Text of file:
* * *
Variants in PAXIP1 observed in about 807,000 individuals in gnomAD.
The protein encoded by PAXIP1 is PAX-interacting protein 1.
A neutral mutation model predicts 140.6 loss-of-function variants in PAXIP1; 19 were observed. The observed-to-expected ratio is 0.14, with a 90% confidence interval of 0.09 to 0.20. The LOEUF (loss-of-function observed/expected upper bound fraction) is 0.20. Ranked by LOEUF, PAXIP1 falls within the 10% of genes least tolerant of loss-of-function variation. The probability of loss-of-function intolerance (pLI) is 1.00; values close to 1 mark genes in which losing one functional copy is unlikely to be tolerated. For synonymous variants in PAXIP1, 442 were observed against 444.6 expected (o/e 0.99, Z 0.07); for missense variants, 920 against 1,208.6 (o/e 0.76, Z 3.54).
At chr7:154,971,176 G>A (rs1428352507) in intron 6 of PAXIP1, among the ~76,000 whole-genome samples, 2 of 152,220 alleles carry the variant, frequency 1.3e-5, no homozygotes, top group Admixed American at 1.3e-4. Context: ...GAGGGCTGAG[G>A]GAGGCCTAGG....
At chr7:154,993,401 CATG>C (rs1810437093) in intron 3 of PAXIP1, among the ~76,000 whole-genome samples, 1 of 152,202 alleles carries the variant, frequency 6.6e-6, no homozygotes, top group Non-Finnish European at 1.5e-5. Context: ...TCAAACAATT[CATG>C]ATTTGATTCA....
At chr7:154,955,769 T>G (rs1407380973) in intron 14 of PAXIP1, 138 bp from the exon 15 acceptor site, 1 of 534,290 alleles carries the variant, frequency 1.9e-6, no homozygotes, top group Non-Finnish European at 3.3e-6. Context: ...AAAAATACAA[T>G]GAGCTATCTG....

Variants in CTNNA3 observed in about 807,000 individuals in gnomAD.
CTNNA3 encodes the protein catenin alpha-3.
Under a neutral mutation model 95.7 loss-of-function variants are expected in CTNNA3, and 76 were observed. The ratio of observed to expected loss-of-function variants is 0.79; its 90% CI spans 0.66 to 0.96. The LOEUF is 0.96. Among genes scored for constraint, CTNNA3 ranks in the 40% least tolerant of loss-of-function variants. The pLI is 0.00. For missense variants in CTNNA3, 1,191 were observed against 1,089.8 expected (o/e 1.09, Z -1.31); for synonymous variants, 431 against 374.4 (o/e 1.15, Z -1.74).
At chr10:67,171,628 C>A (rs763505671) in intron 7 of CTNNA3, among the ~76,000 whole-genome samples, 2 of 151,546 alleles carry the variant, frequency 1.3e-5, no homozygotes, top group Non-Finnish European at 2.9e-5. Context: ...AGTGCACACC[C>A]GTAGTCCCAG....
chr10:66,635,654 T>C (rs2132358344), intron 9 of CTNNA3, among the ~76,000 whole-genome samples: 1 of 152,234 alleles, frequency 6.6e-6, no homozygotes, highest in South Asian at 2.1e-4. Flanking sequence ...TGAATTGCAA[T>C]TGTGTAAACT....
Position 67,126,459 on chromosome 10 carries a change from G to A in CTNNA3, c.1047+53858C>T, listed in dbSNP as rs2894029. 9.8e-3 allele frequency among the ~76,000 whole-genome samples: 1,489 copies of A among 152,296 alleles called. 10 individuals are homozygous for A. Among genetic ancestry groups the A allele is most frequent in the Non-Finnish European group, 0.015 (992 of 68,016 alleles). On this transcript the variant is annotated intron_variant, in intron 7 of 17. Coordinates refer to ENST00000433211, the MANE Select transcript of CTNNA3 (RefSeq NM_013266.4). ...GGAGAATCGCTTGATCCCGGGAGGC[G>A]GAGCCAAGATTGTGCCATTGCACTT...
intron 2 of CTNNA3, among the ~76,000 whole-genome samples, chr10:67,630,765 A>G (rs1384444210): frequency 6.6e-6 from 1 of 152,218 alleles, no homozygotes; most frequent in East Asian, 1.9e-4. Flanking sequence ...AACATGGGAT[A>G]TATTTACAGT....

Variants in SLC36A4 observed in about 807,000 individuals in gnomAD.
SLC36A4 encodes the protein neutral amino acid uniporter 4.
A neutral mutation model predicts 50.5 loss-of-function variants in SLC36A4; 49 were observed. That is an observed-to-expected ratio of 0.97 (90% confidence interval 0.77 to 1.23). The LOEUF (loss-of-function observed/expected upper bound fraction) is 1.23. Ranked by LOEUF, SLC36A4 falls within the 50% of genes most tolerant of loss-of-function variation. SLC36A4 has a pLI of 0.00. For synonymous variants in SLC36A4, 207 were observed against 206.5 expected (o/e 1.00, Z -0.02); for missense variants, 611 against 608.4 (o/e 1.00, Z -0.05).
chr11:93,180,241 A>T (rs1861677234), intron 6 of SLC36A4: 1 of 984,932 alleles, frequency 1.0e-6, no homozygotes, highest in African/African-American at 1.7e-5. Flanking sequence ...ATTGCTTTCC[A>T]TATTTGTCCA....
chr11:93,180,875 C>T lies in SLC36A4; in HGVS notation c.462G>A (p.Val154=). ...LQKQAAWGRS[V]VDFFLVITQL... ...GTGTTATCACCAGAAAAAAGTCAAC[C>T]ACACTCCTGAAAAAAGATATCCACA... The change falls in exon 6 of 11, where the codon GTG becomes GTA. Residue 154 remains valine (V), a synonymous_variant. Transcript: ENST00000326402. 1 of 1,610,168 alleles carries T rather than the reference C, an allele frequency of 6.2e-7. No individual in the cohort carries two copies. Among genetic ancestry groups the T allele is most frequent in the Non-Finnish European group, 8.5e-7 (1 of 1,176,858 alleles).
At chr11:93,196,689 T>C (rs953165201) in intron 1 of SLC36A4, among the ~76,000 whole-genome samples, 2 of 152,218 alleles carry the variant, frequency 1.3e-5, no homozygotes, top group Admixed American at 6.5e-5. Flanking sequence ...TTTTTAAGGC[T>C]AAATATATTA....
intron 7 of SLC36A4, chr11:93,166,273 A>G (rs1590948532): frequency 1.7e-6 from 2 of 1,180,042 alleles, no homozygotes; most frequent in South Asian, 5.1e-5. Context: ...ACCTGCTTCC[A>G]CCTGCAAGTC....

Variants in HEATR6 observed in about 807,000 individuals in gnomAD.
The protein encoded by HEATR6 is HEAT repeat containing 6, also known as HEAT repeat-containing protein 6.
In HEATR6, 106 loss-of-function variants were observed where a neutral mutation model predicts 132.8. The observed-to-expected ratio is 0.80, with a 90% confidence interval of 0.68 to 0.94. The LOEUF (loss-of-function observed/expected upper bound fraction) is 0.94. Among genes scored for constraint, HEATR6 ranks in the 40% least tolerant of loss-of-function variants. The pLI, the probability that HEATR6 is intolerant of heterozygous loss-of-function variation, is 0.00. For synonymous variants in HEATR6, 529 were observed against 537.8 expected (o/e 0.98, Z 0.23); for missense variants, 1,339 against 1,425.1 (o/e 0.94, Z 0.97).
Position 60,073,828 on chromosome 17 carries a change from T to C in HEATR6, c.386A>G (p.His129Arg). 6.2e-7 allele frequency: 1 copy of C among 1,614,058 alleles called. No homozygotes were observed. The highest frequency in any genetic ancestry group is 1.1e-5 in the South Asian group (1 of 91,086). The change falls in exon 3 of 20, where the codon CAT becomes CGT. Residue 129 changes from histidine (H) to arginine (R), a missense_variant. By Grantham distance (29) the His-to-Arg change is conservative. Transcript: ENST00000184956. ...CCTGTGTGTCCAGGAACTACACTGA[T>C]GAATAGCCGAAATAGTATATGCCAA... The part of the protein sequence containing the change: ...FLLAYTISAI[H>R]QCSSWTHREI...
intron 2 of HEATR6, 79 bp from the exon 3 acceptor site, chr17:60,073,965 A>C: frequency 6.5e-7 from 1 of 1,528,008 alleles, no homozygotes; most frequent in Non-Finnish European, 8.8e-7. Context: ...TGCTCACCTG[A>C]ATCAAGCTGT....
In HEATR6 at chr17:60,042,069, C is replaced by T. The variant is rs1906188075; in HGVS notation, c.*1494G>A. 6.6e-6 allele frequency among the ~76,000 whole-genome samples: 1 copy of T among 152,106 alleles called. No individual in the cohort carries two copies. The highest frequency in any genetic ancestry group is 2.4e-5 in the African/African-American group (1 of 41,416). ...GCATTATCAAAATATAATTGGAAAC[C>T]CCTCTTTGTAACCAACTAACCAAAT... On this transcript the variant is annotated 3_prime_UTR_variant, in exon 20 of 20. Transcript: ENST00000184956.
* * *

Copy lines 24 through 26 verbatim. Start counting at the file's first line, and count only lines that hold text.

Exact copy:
Position 60,073,828 on chromosome 17 carries a change from T to C in HEATR6, c.386A>G (p.His129Arg). 6.2e-7 allele frequency: 1 copy of C among 1,614,058 alleles called. No homozygotes were observed. The highest frequency in any genetic ancestry group is 1.1e-5 in the South Asian group (1 of 91,086). The change falls in exon 3 of 20, where the codon CAT becomes CGT. Residue 129 changes from histidine (H) to arginine (R), a missense_variant. By Grantham distance (29) the His-to-Arg change is conservative. Transcript: ENST00000184956. ...CCTGTGTGTCCAGGAACTACACTGA[T>C]GAATAGCCGAAATAGTATATGCCAA... The part of the protein sequence containing the change: ...FLLAYTISAI[H>R]QCSSWTHREI...
intron 2 of HEATR6, 79 bp from the exon 3 acceptor site, chr17:60,073,965 A>C: frequency 6.5e-7 from 1 of 1,528,008 alleles, no homozygotes; most frequent in Non-Finnish European, 8.8e-7. Context: ...TGCTCACCTG[A>C]ATCAAGCTGT....
In HEATR6 at chr17:60,042,069, C is replaced by T. The variant is rs1906188075; in HGVS notation, c.*1494G>A. 6.6e-6 allele frequency among the ~76,000 whole-genome samples: 1 copy of T among 152,106 alleles called. No individual in the cohort carries two copies. The highest frequency in any genetic ancestry group is 2.4e-5 in the African/African-American group (1 of 41,416). ...GCATTATCAAAATATAATTGGAAAC[C>T]CCTCTTTGTAACCAACTAACCAAAT... On this transcript the variant is annotated 3_prime_UTR_variant, in exon 20 of 20. Transcript: ENST00000184956.